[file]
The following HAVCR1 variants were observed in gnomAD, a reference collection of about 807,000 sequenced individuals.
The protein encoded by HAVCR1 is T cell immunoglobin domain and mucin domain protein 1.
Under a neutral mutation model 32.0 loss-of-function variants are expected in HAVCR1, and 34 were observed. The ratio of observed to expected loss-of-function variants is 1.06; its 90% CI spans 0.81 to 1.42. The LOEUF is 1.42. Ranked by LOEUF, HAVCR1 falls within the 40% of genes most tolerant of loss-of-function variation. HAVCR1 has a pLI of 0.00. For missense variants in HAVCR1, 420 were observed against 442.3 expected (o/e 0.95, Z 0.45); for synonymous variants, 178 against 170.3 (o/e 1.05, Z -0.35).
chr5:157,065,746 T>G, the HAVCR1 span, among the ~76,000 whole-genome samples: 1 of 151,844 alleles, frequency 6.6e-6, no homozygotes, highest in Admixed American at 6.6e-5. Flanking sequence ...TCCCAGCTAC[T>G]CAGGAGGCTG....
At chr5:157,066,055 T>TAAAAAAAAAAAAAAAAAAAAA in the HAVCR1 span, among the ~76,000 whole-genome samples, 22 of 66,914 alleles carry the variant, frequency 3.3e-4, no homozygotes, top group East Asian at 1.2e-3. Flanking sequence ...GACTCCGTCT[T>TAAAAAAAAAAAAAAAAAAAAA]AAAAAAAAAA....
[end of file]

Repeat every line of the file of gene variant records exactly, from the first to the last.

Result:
The following HAVCR1 variants were observed in gnomAD, a reference collection of about 807,000 sequenced individuals.
The protein encoded by HAVCR1 is T cell immunoglobin domain and mucin domain protein 1.
Under a neutral mutation model 32.0 loss-of-function variants are expected in HAVCR1, and 34 were observed. The ratio of observed to expected loss-of-function variants is 1.06; its 90% CI spans 0.81 to 1.42. The LOEUF is 1.42. Ranked by LOEUF, HAVCR1 falls within the 40% of genes most tolerant of loss-of-function variation. HAVCR1 has a pLI of 0.00. For missense variants in HAVCR1, 420 were observed against 442.3 expected (o/e 0.95, Z 0.45); for synonymous variants, 178 against 170.3 (o/e 1.05, Z -0.35).
chr5:157,065,746 T>G, the HAVCR1 span, among the ~76,000 whole-genome samples: 1 of 151,844 alleles, frequency 6.6e-6, no homozygotes, highest in Admixed American at 6.6e-5. Flanking sequence ...TCCCAGCTAC[T>G]CAGGAGGCTG....
At chr5:157,066,055 T>TAAAAAAAAAAAAAAAAAAAAA in the HAVCR1 span, among the ~76,000 whole-genome samples, 22 of 66,914 alleles carry the variant, frequency 3.3e-4, no homozygotes, top group East Asian at 1.2e-3. Flanking sequence ...GACTCCGTCT[T>TAAAAAAAAAAAAAAAAAAAAA]AAAAAAAAAA....